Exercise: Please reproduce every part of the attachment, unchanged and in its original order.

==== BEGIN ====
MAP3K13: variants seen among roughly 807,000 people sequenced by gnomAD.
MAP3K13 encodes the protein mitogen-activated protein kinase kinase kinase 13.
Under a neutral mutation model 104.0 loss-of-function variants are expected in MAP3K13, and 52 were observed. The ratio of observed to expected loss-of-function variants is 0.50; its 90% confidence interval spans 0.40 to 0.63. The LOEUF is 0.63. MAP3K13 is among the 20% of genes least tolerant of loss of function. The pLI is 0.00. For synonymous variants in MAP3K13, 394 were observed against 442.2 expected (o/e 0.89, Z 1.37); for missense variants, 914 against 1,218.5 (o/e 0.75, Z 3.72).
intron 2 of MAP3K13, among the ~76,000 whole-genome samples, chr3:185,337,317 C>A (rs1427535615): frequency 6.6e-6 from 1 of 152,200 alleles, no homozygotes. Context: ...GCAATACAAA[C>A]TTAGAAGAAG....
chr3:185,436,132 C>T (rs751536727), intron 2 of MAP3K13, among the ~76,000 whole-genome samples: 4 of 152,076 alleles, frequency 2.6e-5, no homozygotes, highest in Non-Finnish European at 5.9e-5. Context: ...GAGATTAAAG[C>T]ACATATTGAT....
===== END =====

MAP3K13: variants seen among roughly 807,000 people sequenced by gnomAD.
MAP3K13 encodes the protein mitogen-activated protein kinase kinase kinase 13.
Under a neutral mutation model 104.0 loss-of-function variants are expected in MAP3K13, and 52 were observed. The ratio of observed to expected loss-of-function variants is 0.50; its 90% confidence interval spans 0.40 to 0.63. The LOEUF is 0.63. MAP3K13 is among the 20% of genes least tolerant of loss of function. The pLI is 0.00. For synonymous variants in MAP3K13, 394 were observed against 442.2 expected (o/e 0.89, Z 1.37); for missense variants, 914 against 1,218.5 (o/e 0.75, Z 3.72).
intron 2 of MAP3K13, among the ~76,000 whole-genome samples, chr3:185,337,317 C>A (rs1427535615): frequency 6.6e-6 from 1 of 152,200 alleles, no homozygotes. Context: ...GCAATACAAA[C>A]TTAGAAGAAG....
chr3:185,436,132 C>T (rs751536727), intron 2 of MAP3K13, among the ~76,000 whole-genome samples: 4 of 152,076 alleles, frequency 2.6e-5, no homozygotes, highest in Non-Finnish European at 5.9e-5. Context: ...GAGATTAAAG[C>T]ACATATTGAT....